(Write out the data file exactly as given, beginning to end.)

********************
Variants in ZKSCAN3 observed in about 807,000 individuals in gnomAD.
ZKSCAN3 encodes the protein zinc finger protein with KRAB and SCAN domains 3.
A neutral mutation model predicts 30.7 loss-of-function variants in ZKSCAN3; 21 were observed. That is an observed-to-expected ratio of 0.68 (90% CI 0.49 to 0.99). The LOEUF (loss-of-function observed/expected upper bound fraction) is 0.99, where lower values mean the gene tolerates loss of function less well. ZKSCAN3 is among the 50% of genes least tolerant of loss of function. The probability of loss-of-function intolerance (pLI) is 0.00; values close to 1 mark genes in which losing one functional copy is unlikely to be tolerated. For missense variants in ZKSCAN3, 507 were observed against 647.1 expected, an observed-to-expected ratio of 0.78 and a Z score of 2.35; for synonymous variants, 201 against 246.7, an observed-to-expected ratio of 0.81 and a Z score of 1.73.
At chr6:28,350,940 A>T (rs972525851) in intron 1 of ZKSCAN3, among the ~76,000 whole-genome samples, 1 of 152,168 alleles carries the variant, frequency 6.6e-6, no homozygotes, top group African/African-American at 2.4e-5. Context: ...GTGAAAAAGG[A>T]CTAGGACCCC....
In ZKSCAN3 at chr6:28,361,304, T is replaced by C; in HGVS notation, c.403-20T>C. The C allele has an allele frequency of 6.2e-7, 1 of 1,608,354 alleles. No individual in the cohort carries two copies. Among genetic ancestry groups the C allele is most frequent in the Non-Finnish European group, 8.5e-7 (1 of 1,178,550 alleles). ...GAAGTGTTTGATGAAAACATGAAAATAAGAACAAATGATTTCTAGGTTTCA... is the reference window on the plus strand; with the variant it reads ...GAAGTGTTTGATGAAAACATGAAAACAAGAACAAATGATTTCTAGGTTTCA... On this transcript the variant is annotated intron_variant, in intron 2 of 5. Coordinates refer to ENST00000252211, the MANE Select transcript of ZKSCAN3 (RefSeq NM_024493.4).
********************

Variants in ZKSCAN3 observed in about 807,000 individuals in gnomAD.
ZKSCAN3 encodes the protein zinc finger protein with KRAB and SCAN domains 3.
A neutral mutation model predicts 30.7 loss-of-function variants in ZKSCAN3; 21 were observed. That is an observed-to-expected ratio of 0.68 (90% CI 0.49 to 0.99). The LOEUF (loss-of-function observed/expected upper bound fraction) is 0.99, where lower values mean the gene tolerates loss of function less well. ZKSCAN3 is among the 50% of genes least tolerant of loss of function. The probability of loss-of-function intolerance (pLI) is 0.00; values close to 1 mark genes in which losing one functional copy is unlikely to be tolerated. For missense variants in ZKSCAN3, 507 were observed against 647.1 expected, an observed-to-expected ratio of 0.78 and a Z score of 2.35; for synonymous variants, 201 against 246.7, an observed-to-expected ratio of 0.81 and a Z score of 1.73.
At chr6:28,350,940 A>T (rs972525851) in intron 1 of ZKSCAN3, among the ~76,000 whole-genome samples, 1 of 152,168 alleles carries the variant, frequency 6.6e-6, no homozygotes, top group African/African-American at 2.4e-5. Context: ...GTGAAAAAGG[A>T]CTAGGACCCC....
In ZKSCAN3 at chr6:28,361,304, T is replaced by C; in HGVS notation, c.403-20T>C. The C allele has an allele frequency of 6.2e-7, 1 of 1,608,354 alleles. No individual in the cohort carries two copies. Among genetic ancestry groups the C allele is most frequent in the Non-Finnish European group, 8.5e-7 (1 of 1,178,550 alleles). ...GAAGTGTTTGATGAAAACATGAAAATAAGAACAAATGATTTCTAGGTTTCA... is the reference window on the plus strand; with the variant it reads ...GAAGTGTTTGATGAAAACATGAAAACAAGAACAAATGATTTCTAGGTTTCA... On this transcript the variant is annotated intron_variant, in intron 2 of 5. Coordinates refer to ENST00000252211, the MANE Select transcript of ZKSCAN3 (RefSeq NM_024493.4).